F-117 Nighthawk "Stealth Fighter" Display at RIAT 2002

Perhaps those military dudes thought this stuff added a bit of atmosphere and awe to the proceedings, but I'm not sure that all the mums and dads with little children were amused by these guys waving automatic weapons around.   A sign saying "use of deadly force authorized" underlines how over the top the security around the F-117 was.

Of course the F-117 always was surrounded by very high security.   Although it first flew in 1981, it didn't make its first public appearance until 1990.   Up to that time all flights were made at night, which must have been tough on the pilots and their families.   Since they also do all of their military operations at night, it's no wonder that the plane was given the name "Night hawk".

The F-117 is now a frequent performer at American airshows, even quite small ones.   All of the 54 aircraft in operation are based at Holloman air base in New Mexico, so I assume that it's not often seen outside America.

A takeoff is one thing I've never seen at an America airshow - normally they only do flypasts.

It's a strange looking plane and the perspectives, like the length of one wing versus the other, often look wrong.

Despite the "F-117" fighter designation, and the fact that it's operated by two fighter squadrons, the Nighthawk is really a tactical attack aircraft.   Although it can theoretically be armed with air-to-air missiles, in practice it usually only carries two 2000 pound laser-guided bombs, which are carried internally to avoid radar reflections.   It doesn't even have guns - the four things poking out the front of the aircraft are part of the instrumentation for determining airspeed and such like.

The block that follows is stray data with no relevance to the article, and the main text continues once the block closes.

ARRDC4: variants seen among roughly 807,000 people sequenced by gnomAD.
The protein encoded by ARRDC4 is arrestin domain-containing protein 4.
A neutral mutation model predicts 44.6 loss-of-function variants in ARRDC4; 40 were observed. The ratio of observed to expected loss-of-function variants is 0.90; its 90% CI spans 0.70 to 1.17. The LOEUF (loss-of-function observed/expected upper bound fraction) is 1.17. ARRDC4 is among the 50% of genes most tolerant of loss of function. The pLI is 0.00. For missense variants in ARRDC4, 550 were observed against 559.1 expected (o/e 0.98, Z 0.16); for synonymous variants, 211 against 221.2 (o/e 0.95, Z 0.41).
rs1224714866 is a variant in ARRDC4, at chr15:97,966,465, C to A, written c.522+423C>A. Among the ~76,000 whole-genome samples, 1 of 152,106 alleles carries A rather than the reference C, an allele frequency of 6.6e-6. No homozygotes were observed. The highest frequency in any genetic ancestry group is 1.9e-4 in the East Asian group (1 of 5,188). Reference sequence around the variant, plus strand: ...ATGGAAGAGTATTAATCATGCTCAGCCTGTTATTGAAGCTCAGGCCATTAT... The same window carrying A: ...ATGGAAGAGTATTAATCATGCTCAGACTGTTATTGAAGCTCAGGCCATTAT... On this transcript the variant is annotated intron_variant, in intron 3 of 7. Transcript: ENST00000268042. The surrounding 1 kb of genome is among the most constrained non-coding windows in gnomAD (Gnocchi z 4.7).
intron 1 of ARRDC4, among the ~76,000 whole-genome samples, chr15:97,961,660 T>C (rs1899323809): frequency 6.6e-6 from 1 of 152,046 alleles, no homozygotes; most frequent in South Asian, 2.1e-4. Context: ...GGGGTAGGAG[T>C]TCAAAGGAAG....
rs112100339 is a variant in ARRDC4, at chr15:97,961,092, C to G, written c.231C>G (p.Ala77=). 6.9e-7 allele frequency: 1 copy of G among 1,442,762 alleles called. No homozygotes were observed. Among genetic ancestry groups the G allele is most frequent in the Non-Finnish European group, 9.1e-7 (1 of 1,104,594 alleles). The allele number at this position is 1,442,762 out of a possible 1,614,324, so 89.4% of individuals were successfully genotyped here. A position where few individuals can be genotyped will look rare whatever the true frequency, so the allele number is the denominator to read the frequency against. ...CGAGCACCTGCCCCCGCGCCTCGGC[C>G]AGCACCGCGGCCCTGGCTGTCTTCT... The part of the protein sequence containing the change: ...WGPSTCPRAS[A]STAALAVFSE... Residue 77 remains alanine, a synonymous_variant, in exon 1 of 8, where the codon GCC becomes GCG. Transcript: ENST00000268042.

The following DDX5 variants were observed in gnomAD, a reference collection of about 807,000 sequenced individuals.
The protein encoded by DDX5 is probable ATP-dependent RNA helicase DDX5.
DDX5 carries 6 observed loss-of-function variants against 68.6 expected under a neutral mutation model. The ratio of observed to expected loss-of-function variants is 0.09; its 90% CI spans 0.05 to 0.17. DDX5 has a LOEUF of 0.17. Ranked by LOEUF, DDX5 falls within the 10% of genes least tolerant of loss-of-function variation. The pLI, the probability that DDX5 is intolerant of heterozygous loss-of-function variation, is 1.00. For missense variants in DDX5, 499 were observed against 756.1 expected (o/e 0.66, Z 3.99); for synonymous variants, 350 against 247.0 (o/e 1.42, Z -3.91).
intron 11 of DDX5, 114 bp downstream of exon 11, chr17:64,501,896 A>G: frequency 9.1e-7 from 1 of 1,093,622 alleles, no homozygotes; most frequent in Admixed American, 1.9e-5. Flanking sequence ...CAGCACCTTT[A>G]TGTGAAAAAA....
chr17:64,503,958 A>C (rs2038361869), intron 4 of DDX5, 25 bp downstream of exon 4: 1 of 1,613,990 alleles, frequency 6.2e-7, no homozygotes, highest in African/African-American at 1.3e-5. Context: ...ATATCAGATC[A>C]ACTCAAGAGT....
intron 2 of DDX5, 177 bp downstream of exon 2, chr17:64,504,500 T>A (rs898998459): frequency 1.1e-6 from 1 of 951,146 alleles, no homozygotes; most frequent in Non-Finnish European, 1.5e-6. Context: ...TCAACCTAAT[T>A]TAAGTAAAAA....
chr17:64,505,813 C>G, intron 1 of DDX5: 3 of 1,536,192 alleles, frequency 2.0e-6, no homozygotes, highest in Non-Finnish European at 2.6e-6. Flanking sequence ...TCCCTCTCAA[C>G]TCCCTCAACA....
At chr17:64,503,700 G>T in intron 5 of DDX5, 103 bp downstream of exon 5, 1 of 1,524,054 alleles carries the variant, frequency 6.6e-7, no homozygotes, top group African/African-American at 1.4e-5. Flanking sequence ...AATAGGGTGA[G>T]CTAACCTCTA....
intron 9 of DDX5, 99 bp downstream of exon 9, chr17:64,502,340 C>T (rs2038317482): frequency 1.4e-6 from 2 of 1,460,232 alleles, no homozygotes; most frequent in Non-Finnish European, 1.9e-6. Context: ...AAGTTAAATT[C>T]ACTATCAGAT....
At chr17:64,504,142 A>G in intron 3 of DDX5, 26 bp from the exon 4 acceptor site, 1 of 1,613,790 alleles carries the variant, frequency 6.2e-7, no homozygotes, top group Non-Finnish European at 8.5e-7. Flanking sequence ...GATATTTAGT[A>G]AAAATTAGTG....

Despite having seen the F-117 flying several times before, I really didn't get any decent photos of it until this year.

click here to open a new window with this photo in computer wallpaper format

The F-117 is a little bigger than the initial impression you get - it's about the same size as an F-15 Eagle.   It has a whole range of tricks to make it stealthy, starting with the dark, low contrast paint scheme which makes it so difficult to see at night (or photograph during the day), it's covered in radar-absorbent materials and its very shape is intended to deflect radar away from the radar station.   Its two jet engines are quiet and produce very little smoke, and the outlets from the engines, visible at the rear of the aircraft, mix cool air with the hot exhaust to reduce the type of heat signature that a heat-seeking missile could lock on to.   The unusual "butterfly" tail is designed to shield the exhausts so missiles can't see them.

The F-117 flew with total impunity above downtown Baghdad during the Gulf War, without receiving a single hit.   However in 1999, during the Kosovo war, one was shot down.   The serbs had previously been firing surface to air missiles at aircraft blindly, without using their radar, to avoid coming under attack from anti-radar missiles themselves; however, it seems that they somehow managed to achieve lock on an F-117 and shoot it down.

The pilot evaded capture and was picked up by American helicopters; the remains of the F-117 are on display in a Serbian aircraft museum.

Here's another treat - seeing the Nighthawk landing, and with a parachute, what's more!

click here to open a new window with this photo in computer wallpaper format

This is a very, very long runway, so he probably didn't need to use the parachute, but I'm sure glad he did.

Back on the ground and back to the excessive security!